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Museum of Classical Archaeology Databases

Aphrodite of Knidos

The Greeks were more used to images of naked men than women. So when the sculptor Praxiteles made a statue of the goddess Aphrodite in the nude it was seen as a daring innovation. He is said to have offered two Aphrodites for sale, one clothed, the other nude, both at the same price. The people of Kos chose the clothed one but the Knidians bought the nude and set it up in a round temple (tholos) on a hillside overlooking the sea.

Pliny the Elder wrote “its shrine is completely open, so that it is possible to observe the goddess from every side; she herself, it is believed, favoured it being made that way.”

This is one of the best preserved of several Roman copies of the Greek original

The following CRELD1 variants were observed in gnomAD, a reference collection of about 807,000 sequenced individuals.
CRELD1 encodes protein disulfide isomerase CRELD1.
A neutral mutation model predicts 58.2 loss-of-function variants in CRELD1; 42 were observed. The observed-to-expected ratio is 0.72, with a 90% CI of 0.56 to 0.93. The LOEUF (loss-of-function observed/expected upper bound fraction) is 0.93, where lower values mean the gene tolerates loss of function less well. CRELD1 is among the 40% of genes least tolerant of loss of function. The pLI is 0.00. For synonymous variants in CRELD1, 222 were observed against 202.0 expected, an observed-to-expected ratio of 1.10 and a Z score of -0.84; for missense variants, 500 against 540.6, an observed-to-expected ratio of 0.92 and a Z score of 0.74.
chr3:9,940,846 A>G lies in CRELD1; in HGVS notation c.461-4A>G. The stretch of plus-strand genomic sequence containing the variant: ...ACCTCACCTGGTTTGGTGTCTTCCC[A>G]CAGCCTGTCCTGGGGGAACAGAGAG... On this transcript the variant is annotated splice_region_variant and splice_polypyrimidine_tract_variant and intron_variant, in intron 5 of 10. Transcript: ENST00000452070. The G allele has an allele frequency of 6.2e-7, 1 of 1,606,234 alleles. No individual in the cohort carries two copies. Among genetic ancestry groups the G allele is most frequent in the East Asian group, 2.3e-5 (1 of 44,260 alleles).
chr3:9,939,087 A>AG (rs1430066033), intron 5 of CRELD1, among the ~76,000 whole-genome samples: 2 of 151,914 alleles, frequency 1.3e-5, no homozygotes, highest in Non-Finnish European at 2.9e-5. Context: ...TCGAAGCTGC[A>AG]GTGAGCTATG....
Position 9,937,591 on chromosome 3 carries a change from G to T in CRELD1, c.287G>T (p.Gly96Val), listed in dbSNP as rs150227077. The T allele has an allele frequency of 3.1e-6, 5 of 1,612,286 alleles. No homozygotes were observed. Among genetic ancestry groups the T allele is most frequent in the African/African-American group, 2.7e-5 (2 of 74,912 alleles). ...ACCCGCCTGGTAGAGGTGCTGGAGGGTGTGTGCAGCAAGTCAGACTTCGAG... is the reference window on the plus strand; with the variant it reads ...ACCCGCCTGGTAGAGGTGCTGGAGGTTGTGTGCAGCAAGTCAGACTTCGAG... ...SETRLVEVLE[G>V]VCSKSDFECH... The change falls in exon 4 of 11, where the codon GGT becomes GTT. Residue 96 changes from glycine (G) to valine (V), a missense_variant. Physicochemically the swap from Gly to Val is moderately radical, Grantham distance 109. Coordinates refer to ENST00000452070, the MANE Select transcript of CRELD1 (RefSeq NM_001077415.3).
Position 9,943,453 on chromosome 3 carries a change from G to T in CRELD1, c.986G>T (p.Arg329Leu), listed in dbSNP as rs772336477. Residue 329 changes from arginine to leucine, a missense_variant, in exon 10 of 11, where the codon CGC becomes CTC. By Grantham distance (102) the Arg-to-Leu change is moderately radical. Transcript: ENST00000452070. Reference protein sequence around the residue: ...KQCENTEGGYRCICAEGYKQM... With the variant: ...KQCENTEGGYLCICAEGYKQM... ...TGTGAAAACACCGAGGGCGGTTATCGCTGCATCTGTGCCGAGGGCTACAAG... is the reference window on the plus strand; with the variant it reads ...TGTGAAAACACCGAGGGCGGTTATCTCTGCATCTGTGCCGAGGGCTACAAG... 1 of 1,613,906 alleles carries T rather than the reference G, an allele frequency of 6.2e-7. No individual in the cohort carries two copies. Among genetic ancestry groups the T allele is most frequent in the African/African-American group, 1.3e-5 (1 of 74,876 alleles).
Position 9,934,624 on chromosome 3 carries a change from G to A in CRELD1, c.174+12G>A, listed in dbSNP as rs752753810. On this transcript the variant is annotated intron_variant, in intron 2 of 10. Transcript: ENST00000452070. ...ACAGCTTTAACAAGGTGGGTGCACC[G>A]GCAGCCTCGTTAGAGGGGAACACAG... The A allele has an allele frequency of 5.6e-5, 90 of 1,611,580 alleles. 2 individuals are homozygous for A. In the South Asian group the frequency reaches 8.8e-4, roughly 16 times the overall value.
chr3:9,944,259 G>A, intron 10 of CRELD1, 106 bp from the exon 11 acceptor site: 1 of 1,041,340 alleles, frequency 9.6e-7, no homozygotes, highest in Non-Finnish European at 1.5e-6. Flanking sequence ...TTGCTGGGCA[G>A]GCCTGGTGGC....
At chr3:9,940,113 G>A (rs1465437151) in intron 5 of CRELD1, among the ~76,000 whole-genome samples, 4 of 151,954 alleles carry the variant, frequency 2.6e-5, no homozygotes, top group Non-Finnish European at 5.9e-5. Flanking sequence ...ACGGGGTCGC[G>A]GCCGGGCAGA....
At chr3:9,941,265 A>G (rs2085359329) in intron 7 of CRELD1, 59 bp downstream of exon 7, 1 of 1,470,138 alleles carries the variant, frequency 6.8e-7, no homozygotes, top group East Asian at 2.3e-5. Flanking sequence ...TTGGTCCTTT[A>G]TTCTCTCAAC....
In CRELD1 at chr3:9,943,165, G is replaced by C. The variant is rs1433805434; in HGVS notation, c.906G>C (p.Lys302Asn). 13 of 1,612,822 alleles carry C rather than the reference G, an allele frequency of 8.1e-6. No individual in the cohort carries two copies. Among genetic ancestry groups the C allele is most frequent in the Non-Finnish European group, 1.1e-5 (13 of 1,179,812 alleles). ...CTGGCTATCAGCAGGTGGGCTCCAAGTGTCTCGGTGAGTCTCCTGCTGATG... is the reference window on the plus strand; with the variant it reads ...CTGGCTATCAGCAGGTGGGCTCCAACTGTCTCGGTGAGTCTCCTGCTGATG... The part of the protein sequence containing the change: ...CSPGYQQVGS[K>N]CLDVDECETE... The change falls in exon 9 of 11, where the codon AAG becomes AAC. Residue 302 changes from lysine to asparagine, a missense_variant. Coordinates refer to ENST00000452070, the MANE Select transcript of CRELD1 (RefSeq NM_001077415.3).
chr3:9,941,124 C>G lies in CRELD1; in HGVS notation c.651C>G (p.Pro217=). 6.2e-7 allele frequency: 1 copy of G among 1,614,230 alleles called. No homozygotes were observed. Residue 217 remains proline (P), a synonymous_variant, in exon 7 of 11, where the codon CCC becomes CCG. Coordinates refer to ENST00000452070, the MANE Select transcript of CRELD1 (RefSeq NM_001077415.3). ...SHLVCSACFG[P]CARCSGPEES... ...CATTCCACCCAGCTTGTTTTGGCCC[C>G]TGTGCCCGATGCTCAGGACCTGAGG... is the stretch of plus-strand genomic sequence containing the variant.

Number: 
233
Material: 
Marble
Location of Original: 

Rome, Vatican

Size: 
2.05m
References: 

Lippold: Griechische Plastik, 239 (n.3)
Picard: Archéologie Grècque; Sculpture III (1948), 576, fig.240
Blinkenberg: Knidia (1933), 121, no.574 (Sala a Croce Greca)
Helbig: Führer durch die Öffentlichen Sammlungen Klassischer Altertümer in Rom (2nd edition) 206, no.324 (574)
Rizzo: Prassitele, 53-, pls. 82-4
Michaelis: Journal of Hellenic Studies VIII (1887), 324

Date: 
Roman. Original: c.350 BCE
Sculptor: 
Of original: Praxiteles
Provenance: 

Formerly in the Palazzo Colonna. Also formerly in the Sala a Croce Greca

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